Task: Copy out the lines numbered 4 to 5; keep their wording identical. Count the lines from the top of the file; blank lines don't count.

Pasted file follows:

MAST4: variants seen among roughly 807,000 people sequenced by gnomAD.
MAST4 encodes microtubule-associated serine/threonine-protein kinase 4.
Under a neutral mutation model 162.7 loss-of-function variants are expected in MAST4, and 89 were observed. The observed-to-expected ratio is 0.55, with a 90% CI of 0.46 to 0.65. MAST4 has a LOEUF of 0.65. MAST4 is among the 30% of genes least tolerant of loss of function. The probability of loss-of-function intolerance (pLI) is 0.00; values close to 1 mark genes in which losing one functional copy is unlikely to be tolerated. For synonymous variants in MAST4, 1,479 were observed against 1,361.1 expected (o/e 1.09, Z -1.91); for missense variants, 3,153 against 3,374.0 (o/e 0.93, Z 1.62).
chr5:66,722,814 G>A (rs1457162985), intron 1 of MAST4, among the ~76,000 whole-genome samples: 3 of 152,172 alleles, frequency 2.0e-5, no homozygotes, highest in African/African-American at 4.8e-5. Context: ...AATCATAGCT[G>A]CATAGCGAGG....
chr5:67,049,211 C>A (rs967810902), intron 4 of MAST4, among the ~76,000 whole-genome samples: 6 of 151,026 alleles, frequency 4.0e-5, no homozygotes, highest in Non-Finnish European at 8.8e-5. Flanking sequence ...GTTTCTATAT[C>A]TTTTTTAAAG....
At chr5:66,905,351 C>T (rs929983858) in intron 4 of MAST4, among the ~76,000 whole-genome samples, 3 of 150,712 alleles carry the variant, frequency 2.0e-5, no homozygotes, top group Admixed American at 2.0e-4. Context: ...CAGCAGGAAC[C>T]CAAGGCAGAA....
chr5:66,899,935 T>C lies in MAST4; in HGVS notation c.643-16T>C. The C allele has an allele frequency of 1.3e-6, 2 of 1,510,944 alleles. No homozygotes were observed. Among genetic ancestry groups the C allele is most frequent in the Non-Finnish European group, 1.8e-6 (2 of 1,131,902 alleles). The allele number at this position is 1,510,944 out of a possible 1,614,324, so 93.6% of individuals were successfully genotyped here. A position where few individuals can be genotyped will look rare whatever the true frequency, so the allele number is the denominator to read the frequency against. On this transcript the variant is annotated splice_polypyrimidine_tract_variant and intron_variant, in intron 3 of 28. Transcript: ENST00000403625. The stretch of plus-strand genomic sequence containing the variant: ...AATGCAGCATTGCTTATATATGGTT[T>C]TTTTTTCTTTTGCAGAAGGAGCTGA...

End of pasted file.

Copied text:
chr5:66,722,814 G>A (rs1457162985), intron 1 of MAST4, among the ~76,000 whole-genome samples: 3 of 152,172 alleles, frequency 2.0e-5, no homozygotes, highest in African/African-American at 4.8e-5. Context: ...AATCATAGCT[G>A]CATAGCGAGG....
chr5:67,049,211 C>A (rs967810902), intron 4 of MAST4, among the ~76,000 whole-genome samples: 6 of 151,026 alleles, frequency 4.0e-5, no homozygotes, highest in Non-Finnish European at 8.8e-5. Flanking sequence ...GTTTCTATAT[C>A]TTTTTTAAAG....